Wednesday, August 21, 2013


Here's another one to add to your drunk brunch list, folks: Agave.  $25 gets you an entree plus bottomless mimosas, wine, or frozen margaritas.  Bazinga!

I ordered the Southwestern eggs benedict and thought it was a great twist on the traditional.  The English muffins were topped with firm tomato, avocado slices, poached egg, and a chipotle hollandaise sauce.  It's not spicy (I actually added some hot sauce to mine), but it was a nice switch up to the regular eggs benny.  Avocado is a nice switch up to any dish.  Basically, if you ever want to make people fall in love with a normal boring dish, just add avocado to it.  Everyone cleaned their plate - and not just because their taste buds were masked by the ever-flowing booze; the food was just tasty.  The flavors aren't hardcore Southwestern so even pickier palates will find plenty on the menu to enjoy.


Tuesday, August 20, 2013

Book Review: The Interestings

Youthful friendships are a tricky thing.  Sometimes the bonds are formed before the personalities fully develop.  But when the friendships are made during the peak of adolescence, they are often nearly impossible to break - these are the only friends who can understand what it's like in those moments when you are just discovering what the world has to offer.  Julie Jacobson was a gawky teen when she entered Spirit-in-the-Woods summer camp, but by the time the summer was over she is the confident, funny Jules thanks to being allowed into the inner circle of campers, The Interestings.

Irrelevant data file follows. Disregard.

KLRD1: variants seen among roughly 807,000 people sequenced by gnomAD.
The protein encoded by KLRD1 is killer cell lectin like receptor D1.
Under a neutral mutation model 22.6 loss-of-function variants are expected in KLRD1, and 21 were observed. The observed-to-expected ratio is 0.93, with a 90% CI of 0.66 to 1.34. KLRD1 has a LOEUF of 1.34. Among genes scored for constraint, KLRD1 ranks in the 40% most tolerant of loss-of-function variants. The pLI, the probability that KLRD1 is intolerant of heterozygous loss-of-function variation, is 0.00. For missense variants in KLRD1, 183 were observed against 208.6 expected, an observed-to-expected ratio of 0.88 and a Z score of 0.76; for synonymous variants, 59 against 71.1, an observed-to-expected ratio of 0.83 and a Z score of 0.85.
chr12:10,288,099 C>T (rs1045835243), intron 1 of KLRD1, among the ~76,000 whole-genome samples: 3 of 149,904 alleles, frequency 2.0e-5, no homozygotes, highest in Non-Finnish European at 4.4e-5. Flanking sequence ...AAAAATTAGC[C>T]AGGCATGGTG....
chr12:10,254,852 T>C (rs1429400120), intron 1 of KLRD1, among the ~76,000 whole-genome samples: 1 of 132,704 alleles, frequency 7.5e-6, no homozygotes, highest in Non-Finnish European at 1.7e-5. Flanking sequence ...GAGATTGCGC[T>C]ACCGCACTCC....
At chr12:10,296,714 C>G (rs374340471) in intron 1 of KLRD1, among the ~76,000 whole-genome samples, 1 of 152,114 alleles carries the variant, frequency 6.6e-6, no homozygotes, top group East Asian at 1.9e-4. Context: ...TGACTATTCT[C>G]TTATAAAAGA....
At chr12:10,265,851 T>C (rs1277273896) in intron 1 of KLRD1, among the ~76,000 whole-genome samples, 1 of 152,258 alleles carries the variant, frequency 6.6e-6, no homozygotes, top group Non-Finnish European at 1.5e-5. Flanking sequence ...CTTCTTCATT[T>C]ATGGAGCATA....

From an outsider's perspective Jules should have grown out of her friendships with Ash and Ethan who are both richer than rich vs. her ramen noodle budget.  And their lives have all taken a different turn from that of Jonah who has come out as a homosexual, joined and then returned from a cult, and now leads a quiet life developing robotics.  But something about that summer sealed these friends together and countless hurdles have done nothing to tear them apart.

I often wonder if I would still click with some of my friends if I had met them now instead of in childhood.  In some cases, the answer is probably no.  But Meg Wolitzer's novel reaffirms that it doesn't really matter why people are friends, only that they tightly guard the friendship once they have it.  If we only kept around the friends we made when we were older, I'm sure we would be far less interesting.

3 out of 5 stars.


Monday, August 19, 2013

Mayhem and Stout

The name sounds so rock and roll but it's fitting because this sandwich shop serves braised meat with an attitude.  Mayhem and Stout started as a stall at NYC flea markets and just opened their first brick and mortar location on Friday - a convenient one block walk from my apartment.  Since it's so close I had no excuse not to be there on opening night.  I had never sampled their food at the markets, but by the looks of the line, plenty of New Yorkers had.

Without too much time to mull over the options, I ordered two of their popular combinations instead of designing my own sandwich.  The short rib and brisket sandwich with blueberry sriracha and pickled onions was not as crazy as it sounds.  The pickling made the mound of onions less bitter and the meat just melted when it hit my mouth.  I can only imagine how long the meat had to simmer to render chewing unnecessary.  I also tried the braised pork shoulder with black cherry mustard and roasted kale.  The kale and black cherry gave it a bit of a sour/bitter thing - in a good way.  I'm not really explaining that well.  The short rib and brisket was my preferred sandwich, however, just because the meat had so much flavor.  It may seem insignificant, but I must mention the pickles.  Clearly homemade and with just the right amount of garlic and spices.  Nice and crispy.

So many sandwich combos to try - and don't think I'm not going to try them ALL.  Yayyyy for new amazing food in Murray Hill!